American women extol the technical educations of women in India - it may be that so many women in India are intent on getting a technical degree so they can get out of India. While sexual violence is getting all the current media attention, sexism and other bias are persistent.  The male bias is even evident in in women's health care - a woman in India is more likely to get prenatal care when pregnant with boys, according to a new paper by Leah Lakdawala of Michigan State University and Prashant Bharadwaj of the University of California, San Diego, which suggests sex discrimination in male-dominated societies starts early - even in the womb.

In analyzing the national health-survey data of more than 30,000 Indians, the scholars found that women pregnant with boys were more likely to go to prenatal medical appointments, take iron supplements, deliver the baby in a health care facility (as opposed to in the home) and receive tetanus shots. Tetanus is the leading cause of neonatal deaths in India.

According to the analysis, children whose mothers had not received a tetanus vaccination were more likely to be born underweight or die shortly after birth.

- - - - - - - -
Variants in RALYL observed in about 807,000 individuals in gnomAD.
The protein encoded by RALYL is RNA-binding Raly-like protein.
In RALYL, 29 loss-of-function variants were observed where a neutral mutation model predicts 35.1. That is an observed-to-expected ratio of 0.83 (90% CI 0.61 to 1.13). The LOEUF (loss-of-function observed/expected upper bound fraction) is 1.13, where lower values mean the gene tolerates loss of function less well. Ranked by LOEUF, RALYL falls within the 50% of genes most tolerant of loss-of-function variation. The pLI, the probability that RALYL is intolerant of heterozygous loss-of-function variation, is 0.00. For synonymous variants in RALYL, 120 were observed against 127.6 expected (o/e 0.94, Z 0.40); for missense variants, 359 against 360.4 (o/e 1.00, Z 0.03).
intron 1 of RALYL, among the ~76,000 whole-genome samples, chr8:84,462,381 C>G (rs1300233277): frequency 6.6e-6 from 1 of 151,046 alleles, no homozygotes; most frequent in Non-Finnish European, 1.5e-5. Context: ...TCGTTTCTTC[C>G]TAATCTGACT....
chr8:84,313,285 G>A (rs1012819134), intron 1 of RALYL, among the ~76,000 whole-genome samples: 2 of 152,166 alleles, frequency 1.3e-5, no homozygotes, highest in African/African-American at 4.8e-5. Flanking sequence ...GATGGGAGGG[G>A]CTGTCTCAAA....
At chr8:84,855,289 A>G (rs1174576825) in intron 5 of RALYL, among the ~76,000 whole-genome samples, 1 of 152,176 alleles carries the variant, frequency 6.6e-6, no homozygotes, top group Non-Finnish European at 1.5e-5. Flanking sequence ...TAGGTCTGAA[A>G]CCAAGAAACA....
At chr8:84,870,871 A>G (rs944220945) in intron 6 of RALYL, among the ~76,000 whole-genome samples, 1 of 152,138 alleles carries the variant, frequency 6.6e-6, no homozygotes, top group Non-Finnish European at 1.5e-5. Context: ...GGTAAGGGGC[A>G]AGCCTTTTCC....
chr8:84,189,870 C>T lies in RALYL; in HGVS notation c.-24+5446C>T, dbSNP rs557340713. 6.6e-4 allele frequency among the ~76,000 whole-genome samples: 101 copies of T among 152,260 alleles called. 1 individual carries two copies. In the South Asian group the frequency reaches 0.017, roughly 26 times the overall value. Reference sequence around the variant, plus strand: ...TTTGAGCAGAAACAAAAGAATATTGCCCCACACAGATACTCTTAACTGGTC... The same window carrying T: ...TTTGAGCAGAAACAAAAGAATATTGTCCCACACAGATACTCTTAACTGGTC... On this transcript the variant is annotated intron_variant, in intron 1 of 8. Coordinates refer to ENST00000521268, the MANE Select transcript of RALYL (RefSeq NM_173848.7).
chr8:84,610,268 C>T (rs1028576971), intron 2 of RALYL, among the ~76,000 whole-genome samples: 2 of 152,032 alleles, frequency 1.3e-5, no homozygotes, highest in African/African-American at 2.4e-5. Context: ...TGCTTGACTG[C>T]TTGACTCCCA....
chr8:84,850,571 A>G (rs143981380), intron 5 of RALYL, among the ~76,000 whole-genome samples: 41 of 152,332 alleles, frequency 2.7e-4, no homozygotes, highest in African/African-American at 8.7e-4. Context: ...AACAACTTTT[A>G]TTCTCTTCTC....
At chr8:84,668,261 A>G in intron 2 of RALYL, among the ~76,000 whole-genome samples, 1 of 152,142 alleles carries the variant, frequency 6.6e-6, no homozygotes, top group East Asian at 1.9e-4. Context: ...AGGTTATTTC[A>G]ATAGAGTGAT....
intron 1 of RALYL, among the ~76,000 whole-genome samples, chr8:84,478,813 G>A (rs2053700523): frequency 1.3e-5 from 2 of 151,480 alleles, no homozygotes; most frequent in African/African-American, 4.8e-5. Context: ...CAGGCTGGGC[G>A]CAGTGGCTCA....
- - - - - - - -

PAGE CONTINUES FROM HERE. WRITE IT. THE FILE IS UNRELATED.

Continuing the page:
The researchers say they are the first to study sex discrimination in prenatal care and they also looked at smaller data sets from other countries. In the patriarchal nations of China, Bangladesh and Pakistan, evidence of sex-discrimination in the womb also existed. In Sri Lanka, Thailand and Ghana, which are not considered male-dominated, no such evidence existed.

Economist Leah Lakdawala, Michigan State University, co-authored the first study looking at sex discrimination in prenatal care. Credit: Michigan State University

In India, while it's illegal for a doctor to reveal the sex of an unborn baby or for a woman to have an abortion based on the baby's sex, both practices are common, Lakdawala said. But knowing the sex of the baby through an ultrasound also can lead to discrimination for those pregnancies that go full-term, she said.

"This type of discrimination we're seeing, while not as severe as sex-selective abortion, is very important for children's health and well-being," Lakdawala said.

Given that previous research has linked early childhood health to later outcomes, sex discrimination in prenatal care might also have long-term effects.

"We know that children born at higher birth weights go to school for longer periods and have higher wages as adults, so the future implications here are pretty serious," Lakdawala said.

Published in the Journal of Human Resources.